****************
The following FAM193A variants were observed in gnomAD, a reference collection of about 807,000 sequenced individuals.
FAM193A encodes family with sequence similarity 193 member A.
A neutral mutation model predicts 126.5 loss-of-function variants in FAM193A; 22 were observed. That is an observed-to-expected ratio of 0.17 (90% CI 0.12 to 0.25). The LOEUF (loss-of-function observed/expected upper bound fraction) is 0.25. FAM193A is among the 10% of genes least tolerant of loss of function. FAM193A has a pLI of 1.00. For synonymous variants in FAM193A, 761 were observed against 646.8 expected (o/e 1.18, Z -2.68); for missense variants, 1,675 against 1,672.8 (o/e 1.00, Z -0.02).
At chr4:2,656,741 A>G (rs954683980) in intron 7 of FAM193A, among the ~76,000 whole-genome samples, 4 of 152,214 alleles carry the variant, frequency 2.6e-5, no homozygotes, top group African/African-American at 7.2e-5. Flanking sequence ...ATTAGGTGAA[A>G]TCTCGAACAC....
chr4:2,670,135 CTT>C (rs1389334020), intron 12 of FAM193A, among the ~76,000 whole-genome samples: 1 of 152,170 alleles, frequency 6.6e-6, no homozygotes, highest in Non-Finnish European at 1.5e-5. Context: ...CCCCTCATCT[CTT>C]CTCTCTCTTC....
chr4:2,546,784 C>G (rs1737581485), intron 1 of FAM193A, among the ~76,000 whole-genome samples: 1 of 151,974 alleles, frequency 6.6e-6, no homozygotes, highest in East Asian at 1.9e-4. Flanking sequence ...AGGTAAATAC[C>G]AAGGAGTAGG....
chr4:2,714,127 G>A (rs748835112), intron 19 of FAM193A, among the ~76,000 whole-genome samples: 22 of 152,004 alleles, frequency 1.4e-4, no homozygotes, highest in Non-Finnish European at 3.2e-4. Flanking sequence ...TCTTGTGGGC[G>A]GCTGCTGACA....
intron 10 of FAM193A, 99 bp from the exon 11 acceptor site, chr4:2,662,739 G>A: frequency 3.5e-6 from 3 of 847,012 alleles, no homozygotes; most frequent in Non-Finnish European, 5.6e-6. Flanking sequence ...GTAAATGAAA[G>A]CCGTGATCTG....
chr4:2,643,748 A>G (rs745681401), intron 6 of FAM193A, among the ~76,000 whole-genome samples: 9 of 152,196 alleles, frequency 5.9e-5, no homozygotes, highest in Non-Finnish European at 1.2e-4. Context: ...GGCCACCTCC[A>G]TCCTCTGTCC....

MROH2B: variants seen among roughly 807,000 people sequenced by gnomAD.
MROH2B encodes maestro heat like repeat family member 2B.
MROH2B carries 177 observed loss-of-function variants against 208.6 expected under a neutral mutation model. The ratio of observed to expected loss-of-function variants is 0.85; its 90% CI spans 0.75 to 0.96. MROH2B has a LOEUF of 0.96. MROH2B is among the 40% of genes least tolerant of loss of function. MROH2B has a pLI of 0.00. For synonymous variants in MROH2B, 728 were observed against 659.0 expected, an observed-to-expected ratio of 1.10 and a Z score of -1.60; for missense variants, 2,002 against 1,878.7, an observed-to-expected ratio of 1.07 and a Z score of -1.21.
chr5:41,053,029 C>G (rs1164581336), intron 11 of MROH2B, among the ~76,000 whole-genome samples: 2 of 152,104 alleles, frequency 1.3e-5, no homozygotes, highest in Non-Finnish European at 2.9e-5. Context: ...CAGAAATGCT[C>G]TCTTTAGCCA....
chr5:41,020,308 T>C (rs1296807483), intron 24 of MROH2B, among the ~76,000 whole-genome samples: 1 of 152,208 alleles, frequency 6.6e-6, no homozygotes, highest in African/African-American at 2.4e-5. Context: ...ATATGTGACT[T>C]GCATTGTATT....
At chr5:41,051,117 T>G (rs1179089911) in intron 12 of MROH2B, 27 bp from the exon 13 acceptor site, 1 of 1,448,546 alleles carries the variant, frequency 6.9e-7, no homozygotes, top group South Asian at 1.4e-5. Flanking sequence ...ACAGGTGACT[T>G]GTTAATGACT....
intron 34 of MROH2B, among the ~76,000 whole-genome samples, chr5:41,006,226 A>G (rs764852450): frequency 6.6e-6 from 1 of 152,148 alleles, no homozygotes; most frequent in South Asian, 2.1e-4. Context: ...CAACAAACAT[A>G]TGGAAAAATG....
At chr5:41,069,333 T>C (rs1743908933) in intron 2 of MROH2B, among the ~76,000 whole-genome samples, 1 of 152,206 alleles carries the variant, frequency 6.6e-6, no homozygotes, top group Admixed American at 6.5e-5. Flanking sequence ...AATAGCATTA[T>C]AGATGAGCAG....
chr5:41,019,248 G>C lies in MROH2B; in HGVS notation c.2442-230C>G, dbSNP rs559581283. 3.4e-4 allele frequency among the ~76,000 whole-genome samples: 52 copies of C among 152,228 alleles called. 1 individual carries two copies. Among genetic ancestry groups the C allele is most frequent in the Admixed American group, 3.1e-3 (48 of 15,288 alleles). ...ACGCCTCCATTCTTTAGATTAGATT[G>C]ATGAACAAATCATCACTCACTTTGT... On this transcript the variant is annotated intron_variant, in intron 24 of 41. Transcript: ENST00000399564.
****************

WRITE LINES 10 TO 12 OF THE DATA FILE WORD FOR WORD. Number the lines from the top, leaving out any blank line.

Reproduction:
MROH2B: variants seen among roughly 807,000 people sequenced by gnomAD.
MROH2B encodes maestro heat like repeat family member 2B.
MROH2B carries 177 observed loss-of-function variants against 208.6 expected under a neutral mutation model. The ratio of observed to expected loss-of-function variants is 0.85; its 90% CI spans 0.75 to 0.96. MROH2B has a LOEUF of 0.96. MROH2B is among the 40% of genes least tolerant of loss of function. MROH2B has a pLI of 0.00. For synonymous variants in MROH2B, 728 were observed against 659.0 expected, an observed-to-expected ratio of 1.10 and a Z score of -1.60; for missense variants, 2,002 against 1,878.7, an observed-to-expected ratio of 1.07 and a Z score of -1.21.